Archbishop of Canterbury backs peace education in Africa
The spiritual head of the world's 70 million Anglicans, Dr Rowan Williams, has urged the effective expansion of university education in Africa in order to overcome fear and mistrust between different communities in conflict zones. Dr Jane Williams, to whom he is married, has also welcomed peace-building church projects.
Speaking towards the end of a four-day tour of Burundi, the Archbishop of Canterbury told students at the country's university in Bujumbura that tertiary education was not just for the benefit of students, but assisted the whole society to move forward.
During the visit he praised the work of the Anglican Church in trying to promote peace and reconciliation after years of violence and bloodshed.
Returning to the theme of education, Dr Williams declared: 'The university values the life of the mind, the life of conversation. It is possible to take risks in conversation and relationship because by taking these risks we understand ourselves better as well as understanding each other.'
He continued: 'In the post-conflict situation we may see relationships that have been destroyed by panic, fear and self preservation - fear between one community and another; between different economic classes. When we see what the results of such fear may be we see also the degree of violence that results. It is important for the university to help the country imagine a different kind of life for itself; it helps people to see what their real choices are.'
The Archbishop said that education was a vital component in building the continent's future: 'Education alone cannot do the work that development or economic investment can do; but without education, development and investment cannot do its work.'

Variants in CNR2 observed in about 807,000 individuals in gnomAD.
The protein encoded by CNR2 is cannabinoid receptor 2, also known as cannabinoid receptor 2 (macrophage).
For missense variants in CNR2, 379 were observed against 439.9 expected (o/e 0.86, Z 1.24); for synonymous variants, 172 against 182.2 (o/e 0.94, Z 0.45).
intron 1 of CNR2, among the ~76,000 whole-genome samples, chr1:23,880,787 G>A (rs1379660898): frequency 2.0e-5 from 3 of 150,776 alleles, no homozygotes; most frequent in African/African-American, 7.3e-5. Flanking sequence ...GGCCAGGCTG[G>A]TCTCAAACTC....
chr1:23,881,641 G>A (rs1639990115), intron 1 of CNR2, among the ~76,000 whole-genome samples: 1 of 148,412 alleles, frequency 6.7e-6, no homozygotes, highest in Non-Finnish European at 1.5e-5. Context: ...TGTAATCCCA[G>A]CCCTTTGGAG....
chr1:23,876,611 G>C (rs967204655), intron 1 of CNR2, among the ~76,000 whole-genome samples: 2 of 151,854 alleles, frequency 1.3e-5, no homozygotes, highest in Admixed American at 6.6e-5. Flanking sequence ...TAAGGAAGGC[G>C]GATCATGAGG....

Dr Williams and his wife, the theologian Dr Jane Williams, have been undertaking a tour of the country at the invitation of the Anglican Church in Burundi.
Earlier in the week Jane Williams visited Mothers' Union projects, including one in a settlement camp on the border with Congo and another at the university teaching hospital in Bujumbura. She praised the work of the Mothers' Union in building peace for the future by providing for the needs of mothers and children.
Burundi saw elections in early July following a turbulent and violent period in its recent history.
At the enthronement of the Rt Revd Bernard Ntahoturi as the new Archbishop of Burundi earlier this week, Dr Williams said in his sermon there was still much for the Church to do.
'To be an apostle, a pastor, a teacher, is to carry Christ in the need and suffering of Christ's world which he loves. And it is to help create a church that carries these burdens and never runs away,' said the Archbishop of Canterbury.
He emphasised: 'Here in Burundi as you minister with hope and joy in a situation of such need, the Church and all its leaders must pray for the strength to support and sustain and inspire a while society as it grows in justice and maturityÖ Depend on [Jesus Christ] in faith and you will fully play your part in helping this nation to be transformed and led towards God's peace and justice.'